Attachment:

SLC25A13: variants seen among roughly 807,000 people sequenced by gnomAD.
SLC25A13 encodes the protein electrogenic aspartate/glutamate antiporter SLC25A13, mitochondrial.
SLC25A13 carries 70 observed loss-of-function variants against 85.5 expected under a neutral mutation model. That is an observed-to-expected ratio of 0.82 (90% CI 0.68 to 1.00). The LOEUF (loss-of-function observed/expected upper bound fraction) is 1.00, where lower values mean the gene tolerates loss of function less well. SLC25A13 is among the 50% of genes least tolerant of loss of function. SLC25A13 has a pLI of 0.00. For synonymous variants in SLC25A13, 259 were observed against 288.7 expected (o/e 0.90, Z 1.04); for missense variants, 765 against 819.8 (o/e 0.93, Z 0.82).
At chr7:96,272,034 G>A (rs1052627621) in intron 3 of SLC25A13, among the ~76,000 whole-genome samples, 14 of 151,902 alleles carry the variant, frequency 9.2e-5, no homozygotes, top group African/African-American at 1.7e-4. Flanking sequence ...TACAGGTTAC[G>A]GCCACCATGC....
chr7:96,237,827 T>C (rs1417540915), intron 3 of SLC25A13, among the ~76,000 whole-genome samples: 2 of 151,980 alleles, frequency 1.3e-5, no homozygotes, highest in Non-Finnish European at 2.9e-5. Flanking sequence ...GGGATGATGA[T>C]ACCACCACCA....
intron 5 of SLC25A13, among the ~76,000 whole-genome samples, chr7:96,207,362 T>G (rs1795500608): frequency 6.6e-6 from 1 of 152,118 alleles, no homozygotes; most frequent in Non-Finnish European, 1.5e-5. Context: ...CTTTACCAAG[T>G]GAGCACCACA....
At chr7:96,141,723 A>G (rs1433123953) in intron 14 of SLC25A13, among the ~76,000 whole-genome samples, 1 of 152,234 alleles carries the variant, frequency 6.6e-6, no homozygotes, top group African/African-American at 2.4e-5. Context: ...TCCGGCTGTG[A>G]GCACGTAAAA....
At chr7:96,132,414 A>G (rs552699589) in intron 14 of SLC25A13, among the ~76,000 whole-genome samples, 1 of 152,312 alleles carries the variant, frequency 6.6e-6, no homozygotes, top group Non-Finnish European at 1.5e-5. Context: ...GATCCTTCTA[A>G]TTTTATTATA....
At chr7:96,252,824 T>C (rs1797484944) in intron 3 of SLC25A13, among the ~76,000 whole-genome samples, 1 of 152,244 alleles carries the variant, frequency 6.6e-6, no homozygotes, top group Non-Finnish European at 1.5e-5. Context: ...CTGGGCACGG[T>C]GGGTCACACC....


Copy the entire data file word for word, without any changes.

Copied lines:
SLC25A13: variants seen among roughly 807,000 people sequenced by gnomAD.
SLC25A13 encodes the protein electrogenic aspartate/glutamate antiporter SLC25A13, mitochondrial.
SLC25A13 carries 70 observed loss-of-function variants against 85.5 expected under a neutral mutation model. That is an observed-to-expected ratio of 0.82 (90% CI 0.68 to 1.00). The LOEUF (loss-of-function observed/expected upper bound fraction) is 1.00, where lower values mean the gene tolerates loss of function less well. SLC25A13 is among the 50% of genes least tolerant of loss of function. SLC25A13 has a pLI of 0.00. For synonymous variants in SLC25A13, 259 were observed against 288.7 expected (o/e 0.90, Z 1.04); for missense variants, 765 against 819.8 (o/e 0.93, Z 0.82).
At chr7:96,272,034 G>A (rs1052627621) in intron 3 of SLC25A13, among the ~76,000 whole-genome samples, 14 of 151,902 alleles carry the variant, frequency 9.2e-5, no homozygotes, top group African/African-American at 1.7e-4. Flanking sequence ...TACAGGTTAC[G>A]GCCACCATGC....
chr7:96,237,827 T>C (rs1417540915), intron 3 of SLC25A13, among the ~76,000 whole-genome samples: 2 of 151,980 alleles, frequency 1.3e-5, no homozygotes, highest in Non-Finnish European at 2.9e-5. Flanking sequence ...GGGATGATGA[T>C]ACCACCACCA....
intron 5 of SLC25A13, among the ~76,000 whole-genome samples, chr7:96,207,362 T>G (rs1795500608): frequency 6.6e-6 from 1 of 152,118 alleles, no homozygotes; most frequent in Non-Finnish European, 1.5e-5. Context: ...CTTTACCAAG[T>G]GAGCACCACA....
At chr7:96,141,723 A>G (rs1433123953) in intron 14 of SLC25A13, among the ~76,000 whole-genome samples, 1 of 152,234 alleles carries the variant, frequency 6.6e-6, no homozygotes, top group African/African-American at 2.4e-5. Context: ...TCCGGCTGTG[A>G]GCACGTAAAA....
At chr7:96,132,414 A>G (rs552699589) in intron 14 of SLC25A13, among the ~76,000 whole-genome samples, 1 of 152,312 alleles carries the variant, frequency 6.6e-6, no homozygotes, top group Non-Finnish European at 1.5e-5. Context: ...GATCCTTCTA[A>G]TTTTATTATA....
At chr7:96,252,824 T>C (rs1797484944) in intron 3 of SLC25A13, among the ~76,000 whole-genome samples, 1 of 152,244 alleles carries the variant, frequency 6.6e-6, no homozygotes, top group Non-Finnish European at 1.5e-5. Context: ...CTGGGCACGG[T>C]GGGTCACACC....